Introduction to Political Theory

(Marvins-Underground-K-12) #1
Stephen, J.F. (1873, 1993) Liberty, Equality, FraternityIndianapolis, IN: Liberty Fund.
Van de Veer, D. (1986) Paternalistic Intervention: The Moral Bounds of Benevolence
Princeton, NJ: Princeton University Press.
Wolfenden, J. (1957) Report of the Committee on Homosexual Offences and Prostitution
London: HMSO.

Further reading

Apart from Mill’s On Liberty, the best starting points for a further exploration of freedom
are Tim Gray, Freedom(London: Macmillan, 1991), George Brenkert, Political Freedom
(London: Routledge, 1991), David Miller (ed.) Liberty(Oxford: Oxford University Press,
1991), which is a collection of important essays on freedom, and Alan Ryan (ed.) The Idea
of Freedom(Oxford: Oxford University Press, 1979), again a collection of essays. Also useful,
but arguing a line, is Richard Flathman, The Philosophy and Politics of Freedom(Chicago,
IL: University of Chicago Press, 1987). Matthew Kramer, The Quality of Freedom(Oxford:
Oxford University Press, 2003), is far from introductory, but is interesting, especially as he
stresses the measurability of freedom. Two books that explore ‘autonomy’, which is a concept
cognate to freedom, are: Richard Lindley, Autonomy(Basingstoke: Macmillan, 1986) and
Robert Young, Personal Autonomy: Beyond Negative and Positive Liberty(London: Croom
Helm, 1985). Specifically on Mill, the following works are useful: John Gray, Mill on Liberty:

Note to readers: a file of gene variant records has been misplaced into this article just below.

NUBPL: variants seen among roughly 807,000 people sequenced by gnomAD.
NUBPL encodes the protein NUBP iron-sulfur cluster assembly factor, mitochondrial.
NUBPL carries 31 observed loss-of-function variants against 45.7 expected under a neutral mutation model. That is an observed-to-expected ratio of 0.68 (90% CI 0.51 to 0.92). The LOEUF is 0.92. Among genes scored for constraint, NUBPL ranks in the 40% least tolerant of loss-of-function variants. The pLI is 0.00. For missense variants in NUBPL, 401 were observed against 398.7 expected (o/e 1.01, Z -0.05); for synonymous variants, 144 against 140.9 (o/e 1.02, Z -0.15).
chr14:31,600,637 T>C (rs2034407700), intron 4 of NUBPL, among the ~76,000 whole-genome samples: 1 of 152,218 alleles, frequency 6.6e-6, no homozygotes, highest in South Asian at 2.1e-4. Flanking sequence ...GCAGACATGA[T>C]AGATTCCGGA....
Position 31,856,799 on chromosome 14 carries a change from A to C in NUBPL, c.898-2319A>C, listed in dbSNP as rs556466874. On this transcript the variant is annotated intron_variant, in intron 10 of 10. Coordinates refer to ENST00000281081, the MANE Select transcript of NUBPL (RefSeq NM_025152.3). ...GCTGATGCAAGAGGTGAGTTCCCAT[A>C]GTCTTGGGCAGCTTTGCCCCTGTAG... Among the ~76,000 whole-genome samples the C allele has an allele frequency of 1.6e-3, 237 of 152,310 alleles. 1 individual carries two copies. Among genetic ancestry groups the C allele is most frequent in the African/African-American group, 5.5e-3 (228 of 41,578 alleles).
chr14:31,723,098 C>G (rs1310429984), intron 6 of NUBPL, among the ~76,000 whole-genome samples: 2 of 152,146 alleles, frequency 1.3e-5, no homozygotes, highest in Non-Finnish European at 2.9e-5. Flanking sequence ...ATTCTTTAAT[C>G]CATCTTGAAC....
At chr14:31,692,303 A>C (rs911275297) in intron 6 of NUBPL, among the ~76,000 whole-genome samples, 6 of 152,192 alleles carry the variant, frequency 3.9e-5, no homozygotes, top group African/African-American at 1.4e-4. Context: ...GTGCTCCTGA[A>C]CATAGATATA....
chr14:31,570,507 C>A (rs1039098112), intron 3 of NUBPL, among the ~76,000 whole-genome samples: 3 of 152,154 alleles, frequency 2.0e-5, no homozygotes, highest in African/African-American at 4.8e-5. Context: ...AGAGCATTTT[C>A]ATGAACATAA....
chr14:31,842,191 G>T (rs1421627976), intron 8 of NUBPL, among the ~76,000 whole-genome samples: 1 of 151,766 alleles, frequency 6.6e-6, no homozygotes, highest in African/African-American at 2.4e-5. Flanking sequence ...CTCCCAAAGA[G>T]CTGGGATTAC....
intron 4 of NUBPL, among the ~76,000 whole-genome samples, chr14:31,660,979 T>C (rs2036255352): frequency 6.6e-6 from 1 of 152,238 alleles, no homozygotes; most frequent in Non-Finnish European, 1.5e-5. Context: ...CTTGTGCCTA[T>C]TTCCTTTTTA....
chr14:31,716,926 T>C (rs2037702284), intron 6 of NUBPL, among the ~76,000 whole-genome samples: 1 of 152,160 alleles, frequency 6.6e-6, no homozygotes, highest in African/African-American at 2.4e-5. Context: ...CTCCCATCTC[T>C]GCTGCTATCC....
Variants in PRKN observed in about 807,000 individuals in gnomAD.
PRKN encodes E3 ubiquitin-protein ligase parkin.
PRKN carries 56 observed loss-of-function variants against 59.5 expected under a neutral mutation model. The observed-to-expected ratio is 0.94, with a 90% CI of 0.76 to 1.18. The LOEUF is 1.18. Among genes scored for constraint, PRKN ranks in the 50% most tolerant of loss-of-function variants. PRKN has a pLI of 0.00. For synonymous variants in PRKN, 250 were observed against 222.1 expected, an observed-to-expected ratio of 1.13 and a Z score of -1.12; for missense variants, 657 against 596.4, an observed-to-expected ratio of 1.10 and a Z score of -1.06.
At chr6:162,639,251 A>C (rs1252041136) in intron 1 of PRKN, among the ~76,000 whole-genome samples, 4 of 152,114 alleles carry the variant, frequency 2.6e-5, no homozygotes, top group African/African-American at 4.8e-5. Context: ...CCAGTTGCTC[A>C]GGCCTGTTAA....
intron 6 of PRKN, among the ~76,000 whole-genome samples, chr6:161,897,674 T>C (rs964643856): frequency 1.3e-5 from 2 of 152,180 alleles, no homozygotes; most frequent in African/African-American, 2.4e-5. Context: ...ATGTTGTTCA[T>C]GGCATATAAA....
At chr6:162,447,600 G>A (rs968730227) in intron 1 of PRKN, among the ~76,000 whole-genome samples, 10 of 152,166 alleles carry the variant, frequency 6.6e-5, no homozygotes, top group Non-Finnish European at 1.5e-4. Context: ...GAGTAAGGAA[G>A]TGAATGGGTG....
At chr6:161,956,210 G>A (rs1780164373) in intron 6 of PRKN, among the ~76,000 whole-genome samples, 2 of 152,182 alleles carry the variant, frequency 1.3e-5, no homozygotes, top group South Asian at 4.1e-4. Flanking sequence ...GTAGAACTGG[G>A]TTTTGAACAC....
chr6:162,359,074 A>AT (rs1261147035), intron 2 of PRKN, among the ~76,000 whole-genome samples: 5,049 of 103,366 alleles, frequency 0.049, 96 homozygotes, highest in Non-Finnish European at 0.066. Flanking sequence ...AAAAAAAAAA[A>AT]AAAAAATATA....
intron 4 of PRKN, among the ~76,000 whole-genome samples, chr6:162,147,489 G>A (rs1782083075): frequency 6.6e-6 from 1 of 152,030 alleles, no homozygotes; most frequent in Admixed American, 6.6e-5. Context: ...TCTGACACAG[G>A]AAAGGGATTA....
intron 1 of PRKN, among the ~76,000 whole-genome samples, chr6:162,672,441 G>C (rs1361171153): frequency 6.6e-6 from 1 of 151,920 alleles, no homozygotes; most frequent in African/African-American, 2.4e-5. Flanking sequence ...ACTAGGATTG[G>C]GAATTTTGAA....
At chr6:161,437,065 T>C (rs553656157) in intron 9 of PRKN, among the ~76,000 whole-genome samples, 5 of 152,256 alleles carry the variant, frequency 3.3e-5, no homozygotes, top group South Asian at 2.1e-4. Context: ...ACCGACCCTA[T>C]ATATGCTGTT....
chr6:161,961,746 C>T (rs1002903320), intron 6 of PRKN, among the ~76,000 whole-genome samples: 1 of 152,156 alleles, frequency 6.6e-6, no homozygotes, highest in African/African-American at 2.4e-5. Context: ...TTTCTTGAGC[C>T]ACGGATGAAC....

A Defence(London: Routledge, 1996); Gerald Dworkin (ed.) Mill’s On Liberty: Critical
Essays(Lanham, MD: Rowman & Littlefield, 1997); C.L. Ten, Mill on Liberty(Oxford:
Clarendon Press, 1980); Nigel Warburton, Freedom: An Introduction with Readings(London:
Routledge, 2001). See also John Skorupski, John Stuart Mill(London: Routledge, 1989), and
relevant essays in John Skorupski (ed.) The Cambridge Companion to Mill(Cambridge:
Cambridge University Press, 1998).


See the Companion Website for further resources.


1 The liberal position is to permit the sale and viewing of (some forms of) pornography but
restrict who can buy or view it. A phrase used in English Law is ‘the tendency to corrupt
and deprave’. It is implied that those consumers who could not be further harmed by
such consumption should be free to consume, so long as they do not ‘corrupt and deprave’
other people. Put crudely, they are already sufficiently depraved, such that exposure to
potentially depraving materials has no additional effect! This is one of the arguments
underlying film and video classification as well as the ‘blanking out’ of the fronts of sex

Chapter 2 Freedom 53
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